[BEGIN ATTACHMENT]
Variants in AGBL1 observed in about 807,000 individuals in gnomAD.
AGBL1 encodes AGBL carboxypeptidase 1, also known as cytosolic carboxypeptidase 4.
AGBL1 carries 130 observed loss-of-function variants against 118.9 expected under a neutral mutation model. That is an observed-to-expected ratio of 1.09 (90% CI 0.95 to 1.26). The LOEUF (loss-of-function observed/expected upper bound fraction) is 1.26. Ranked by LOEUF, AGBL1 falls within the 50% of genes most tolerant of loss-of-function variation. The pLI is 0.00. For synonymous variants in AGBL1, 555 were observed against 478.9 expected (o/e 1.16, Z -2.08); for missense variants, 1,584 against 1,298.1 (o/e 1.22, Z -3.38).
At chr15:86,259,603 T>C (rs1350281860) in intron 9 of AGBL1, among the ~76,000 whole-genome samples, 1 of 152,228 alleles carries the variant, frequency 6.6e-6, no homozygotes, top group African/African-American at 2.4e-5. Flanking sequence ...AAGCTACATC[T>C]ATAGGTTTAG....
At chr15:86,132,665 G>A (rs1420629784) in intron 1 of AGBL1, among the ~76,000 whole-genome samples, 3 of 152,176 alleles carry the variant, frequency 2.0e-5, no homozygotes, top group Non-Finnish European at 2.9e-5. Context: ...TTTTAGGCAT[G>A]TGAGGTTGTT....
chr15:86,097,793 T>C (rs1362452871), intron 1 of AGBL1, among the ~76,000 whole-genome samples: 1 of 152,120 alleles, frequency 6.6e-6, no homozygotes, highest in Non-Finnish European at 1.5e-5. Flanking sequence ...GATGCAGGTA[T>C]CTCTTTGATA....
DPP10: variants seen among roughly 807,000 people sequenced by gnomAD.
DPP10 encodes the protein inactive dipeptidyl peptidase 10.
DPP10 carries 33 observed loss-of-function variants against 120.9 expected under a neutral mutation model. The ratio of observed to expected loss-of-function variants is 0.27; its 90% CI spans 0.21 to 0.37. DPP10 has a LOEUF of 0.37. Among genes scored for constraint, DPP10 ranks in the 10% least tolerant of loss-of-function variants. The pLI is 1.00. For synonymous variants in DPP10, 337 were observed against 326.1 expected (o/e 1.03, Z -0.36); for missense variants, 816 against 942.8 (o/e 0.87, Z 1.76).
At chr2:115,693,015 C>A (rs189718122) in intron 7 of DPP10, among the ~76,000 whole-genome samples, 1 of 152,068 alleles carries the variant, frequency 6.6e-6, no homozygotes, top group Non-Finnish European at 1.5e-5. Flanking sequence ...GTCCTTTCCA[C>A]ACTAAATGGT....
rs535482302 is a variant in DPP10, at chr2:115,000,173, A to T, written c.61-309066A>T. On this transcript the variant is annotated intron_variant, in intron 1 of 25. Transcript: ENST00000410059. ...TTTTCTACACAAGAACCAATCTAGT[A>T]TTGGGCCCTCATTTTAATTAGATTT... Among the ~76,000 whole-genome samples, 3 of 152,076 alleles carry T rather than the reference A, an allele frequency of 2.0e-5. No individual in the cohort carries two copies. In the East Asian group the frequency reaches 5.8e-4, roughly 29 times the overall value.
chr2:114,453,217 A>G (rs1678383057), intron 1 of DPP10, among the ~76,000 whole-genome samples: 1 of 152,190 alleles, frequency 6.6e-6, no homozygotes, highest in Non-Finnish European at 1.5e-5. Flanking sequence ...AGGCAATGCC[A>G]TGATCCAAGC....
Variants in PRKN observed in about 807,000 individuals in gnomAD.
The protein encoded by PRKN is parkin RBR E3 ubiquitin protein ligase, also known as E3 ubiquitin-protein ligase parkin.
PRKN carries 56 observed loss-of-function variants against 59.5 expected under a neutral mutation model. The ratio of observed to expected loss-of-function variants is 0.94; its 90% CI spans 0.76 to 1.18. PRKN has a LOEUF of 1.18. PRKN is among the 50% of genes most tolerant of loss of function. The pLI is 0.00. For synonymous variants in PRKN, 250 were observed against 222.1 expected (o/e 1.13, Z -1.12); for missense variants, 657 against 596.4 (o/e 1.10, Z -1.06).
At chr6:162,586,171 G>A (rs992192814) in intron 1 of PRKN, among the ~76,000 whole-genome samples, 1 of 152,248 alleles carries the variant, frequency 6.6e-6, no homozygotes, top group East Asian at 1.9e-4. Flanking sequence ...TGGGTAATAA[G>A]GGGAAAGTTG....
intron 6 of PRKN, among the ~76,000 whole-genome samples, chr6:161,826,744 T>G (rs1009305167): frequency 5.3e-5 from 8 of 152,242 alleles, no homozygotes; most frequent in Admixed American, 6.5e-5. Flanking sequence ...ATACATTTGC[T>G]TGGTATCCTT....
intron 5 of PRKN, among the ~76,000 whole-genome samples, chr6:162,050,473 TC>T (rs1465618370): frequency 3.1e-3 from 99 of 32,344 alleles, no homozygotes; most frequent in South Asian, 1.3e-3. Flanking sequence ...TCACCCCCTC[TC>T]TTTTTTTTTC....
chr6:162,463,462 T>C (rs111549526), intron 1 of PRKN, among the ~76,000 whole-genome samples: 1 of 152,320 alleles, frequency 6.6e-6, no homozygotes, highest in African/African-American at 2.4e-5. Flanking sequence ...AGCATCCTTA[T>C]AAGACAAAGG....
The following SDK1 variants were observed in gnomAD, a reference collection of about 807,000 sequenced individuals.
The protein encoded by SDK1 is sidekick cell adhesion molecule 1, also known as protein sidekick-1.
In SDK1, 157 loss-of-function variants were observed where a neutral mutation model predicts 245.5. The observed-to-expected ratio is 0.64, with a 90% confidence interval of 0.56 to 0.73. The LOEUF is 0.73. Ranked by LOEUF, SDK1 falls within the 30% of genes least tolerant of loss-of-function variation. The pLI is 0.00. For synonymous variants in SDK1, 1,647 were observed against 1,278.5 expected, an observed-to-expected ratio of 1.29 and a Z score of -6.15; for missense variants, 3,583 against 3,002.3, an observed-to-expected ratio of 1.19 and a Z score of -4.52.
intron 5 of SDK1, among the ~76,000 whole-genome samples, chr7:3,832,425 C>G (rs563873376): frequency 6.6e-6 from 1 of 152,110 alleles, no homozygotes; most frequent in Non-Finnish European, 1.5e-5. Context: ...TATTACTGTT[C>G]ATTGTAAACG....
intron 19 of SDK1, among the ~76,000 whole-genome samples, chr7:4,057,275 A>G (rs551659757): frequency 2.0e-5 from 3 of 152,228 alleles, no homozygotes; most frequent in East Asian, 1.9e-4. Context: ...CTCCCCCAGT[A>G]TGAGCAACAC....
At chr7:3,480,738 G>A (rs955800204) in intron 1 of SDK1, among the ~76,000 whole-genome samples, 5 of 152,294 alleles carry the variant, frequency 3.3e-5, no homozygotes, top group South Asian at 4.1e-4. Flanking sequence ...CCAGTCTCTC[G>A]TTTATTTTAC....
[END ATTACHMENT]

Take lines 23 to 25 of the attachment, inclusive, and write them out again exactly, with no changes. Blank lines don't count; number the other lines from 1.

intron 5 of SDK1, among the ~76,000 whole-genome samples, chr7:3,832,425 C>G (rs563873376): frequency 6.6e-6 from 1 of 152,110 alleles, no homozygotes; most frequent in Non-Finnish European, 1.5e-5. Context: ...TATTACTGTT[C>G]ATTGTAAACG....
intron 19 of SDK1, among the ~76,000 whole-genome samples, chr7:4,057,275 A>G (rs551659757): frequency 2.0e-5 from 3 of 152,228 alleles, no homozygotes; most frequent in East Asian, 1.9e-4. Context: ...CTCCCCCAGT[A>G]TGAGCAACAC....
At chr7:3,480,738 G>A (rs955800204) in intron 1 of SDK1, among the ~76,000 whole-genome samples, 5 of 152,294 alleles carry the variant, frequency 3.3e-5, no homozygotes, top group South Asian at 4.1e-4. Flanking sequence ...CCAGTCTCTC[G>A]TTTATTTTAC....